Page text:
At a time when I had gone through deep stress, my only intention was to achieve something in life. My mother is a great supportive factor in my life. Many of them insulted and teased me by highlighting my identity. But it was my mother who gave me money to meet my expenses for the Mr Thrissur competition.
We have to find self-improvement techniques ourselves. Using that, we can achieve our dreams and can ignore negative thoughts.
SBC: There was a time when you thought of ending your life. How does your transman identity motivate you not to give up your dreams?
PN: I usually take self-motivation. I used to hear, from my childhood, a lot of motivational classes and talks on life, how to rise above failure and achieve success. But, unfortunately, there was no one to motivate me, so I started doing it myself.
Most of them thought about how I was going to achieve my dream with this body. They also made fun of me by telling me I would become overweight and that I was not tall enough to compete in a competition like bodybuilding. It was during my plus-two (10+2) days that I thought of committing suicide.
Whenever I feel alone, I sit alone and take more time to think productively. There were moments in my life when I felt deeply stressed. I want to achieve more than this and want to make my mother proud. I don’t want her to feel lost.
SBC: In India, section 377 was decriminalised in 2018. After that, do you think the atrocities and ignorance against the transgender community have been reduced?
PN: To an extent, it has reduced. Before 2018, in everyone’s mind, the transgender community was only known for women mostly. People identified only those who did sex work or begging. But after 2018, people started recognising trans persons too. And also, people started recognising us in many fields like the makeup profession, newsreader, pilot, dancing etc.
These achievements are breaking the already constructed pre-conceived notion of the people against trans people. Now we get respect just like a human being after revealing our identity.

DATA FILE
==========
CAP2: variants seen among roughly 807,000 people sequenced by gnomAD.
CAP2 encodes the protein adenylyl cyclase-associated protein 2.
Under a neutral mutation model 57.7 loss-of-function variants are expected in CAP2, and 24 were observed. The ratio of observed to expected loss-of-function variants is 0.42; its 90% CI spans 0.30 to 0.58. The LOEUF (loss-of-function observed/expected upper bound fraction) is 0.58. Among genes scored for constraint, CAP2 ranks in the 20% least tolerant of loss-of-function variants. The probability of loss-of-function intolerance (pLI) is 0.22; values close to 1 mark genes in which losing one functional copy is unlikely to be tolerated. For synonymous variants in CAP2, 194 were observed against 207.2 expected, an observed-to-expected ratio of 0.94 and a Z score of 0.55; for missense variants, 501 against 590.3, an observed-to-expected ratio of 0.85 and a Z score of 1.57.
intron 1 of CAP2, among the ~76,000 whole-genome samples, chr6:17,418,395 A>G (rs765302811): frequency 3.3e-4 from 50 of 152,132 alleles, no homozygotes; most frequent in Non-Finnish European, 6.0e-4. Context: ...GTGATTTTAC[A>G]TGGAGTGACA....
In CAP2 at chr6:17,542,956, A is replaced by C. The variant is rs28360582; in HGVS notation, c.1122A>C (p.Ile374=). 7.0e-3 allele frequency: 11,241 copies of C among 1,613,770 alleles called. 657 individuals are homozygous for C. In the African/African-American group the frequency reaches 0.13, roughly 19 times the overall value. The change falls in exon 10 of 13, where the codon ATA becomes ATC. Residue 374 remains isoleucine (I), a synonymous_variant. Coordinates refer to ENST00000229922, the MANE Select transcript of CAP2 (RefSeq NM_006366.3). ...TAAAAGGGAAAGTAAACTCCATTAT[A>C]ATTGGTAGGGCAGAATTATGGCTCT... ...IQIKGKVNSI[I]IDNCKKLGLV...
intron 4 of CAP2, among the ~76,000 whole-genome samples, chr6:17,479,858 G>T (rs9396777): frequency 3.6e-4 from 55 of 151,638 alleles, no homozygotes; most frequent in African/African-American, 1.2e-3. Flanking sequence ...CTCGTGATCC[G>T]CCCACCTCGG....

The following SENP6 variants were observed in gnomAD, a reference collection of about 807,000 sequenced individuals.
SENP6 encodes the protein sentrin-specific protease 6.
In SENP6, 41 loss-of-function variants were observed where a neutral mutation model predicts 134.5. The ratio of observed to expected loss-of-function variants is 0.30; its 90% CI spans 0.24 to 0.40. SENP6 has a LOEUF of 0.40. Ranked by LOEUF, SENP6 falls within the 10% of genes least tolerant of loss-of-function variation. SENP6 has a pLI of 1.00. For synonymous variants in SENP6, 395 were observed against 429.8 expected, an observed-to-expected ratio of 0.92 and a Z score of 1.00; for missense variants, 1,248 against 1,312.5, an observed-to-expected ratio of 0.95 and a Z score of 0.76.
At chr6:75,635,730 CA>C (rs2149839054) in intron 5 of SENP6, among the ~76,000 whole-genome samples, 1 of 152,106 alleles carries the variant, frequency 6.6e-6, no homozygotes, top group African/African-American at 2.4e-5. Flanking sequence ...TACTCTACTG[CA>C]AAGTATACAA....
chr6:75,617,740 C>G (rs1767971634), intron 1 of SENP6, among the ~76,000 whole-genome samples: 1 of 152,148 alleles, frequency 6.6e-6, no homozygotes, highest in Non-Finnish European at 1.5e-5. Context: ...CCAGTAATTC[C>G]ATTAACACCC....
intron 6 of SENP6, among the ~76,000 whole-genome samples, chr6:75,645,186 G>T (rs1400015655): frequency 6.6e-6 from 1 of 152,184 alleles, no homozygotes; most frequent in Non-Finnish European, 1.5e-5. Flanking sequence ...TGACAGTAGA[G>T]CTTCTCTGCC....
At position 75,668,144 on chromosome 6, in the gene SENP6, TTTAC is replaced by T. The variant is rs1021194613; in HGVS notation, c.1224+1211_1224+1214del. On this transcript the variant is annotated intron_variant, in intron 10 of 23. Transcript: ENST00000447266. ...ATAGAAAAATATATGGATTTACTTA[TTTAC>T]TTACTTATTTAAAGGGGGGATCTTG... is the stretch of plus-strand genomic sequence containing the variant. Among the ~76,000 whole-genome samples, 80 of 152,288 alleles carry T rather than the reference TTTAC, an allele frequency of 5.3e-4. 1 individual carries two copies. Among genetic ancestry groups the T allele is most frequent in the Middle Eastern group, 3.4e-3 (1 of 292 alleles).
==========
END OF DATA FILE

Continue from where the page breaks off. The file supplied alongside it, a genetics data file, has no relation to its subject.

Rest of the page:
SBC: Heard that you admire Aryan Pasha, India’s first known trans man bodybuilder. Tell us about that?
PN: When I felt down one day, I opened my Instagram account and saw Aryan Pasha’s post in my timeline. After that, I became highly motivated. I want to meet him after building a strong identity by myself in bodybuilding.
SBC: After you revealed your transman identity, did you feel that you were getting any sort of privilege set by the patriarchal society?
PN: No, I am not receiving any special privilege set by a male-oriented society. I am the one who is always stubbornly fighting against privileges. There is a misunderstanding among the transgender community itself that one needs to have bass in their voice, a long beard and a muscular body to prove that they are a transman.
These all are socially constructed things and are not always right. According to me, privilege means to be a kind human being. To me, privilege means helping and supporting others in my community to come forward in the mainstream public sphere to achieve their dream.
Privilege can be used in a positive sense by giving a helping hand to my fellow humans to fulfil their expectations in life.
SBC: There are scars and stitches on your body, the same that many people around us who want to follow their dreams have. What is your message to them?
PN: I have achieved the Mr Kerala title. This is not only for me, but the opportunity has opened doors to show platforms where many of them like me can explore. Utilise the maximum and there is no gain without pain.
SBC: How has the Kerala government been helping the transgender community to come forward and confirm their participation in the public sphere?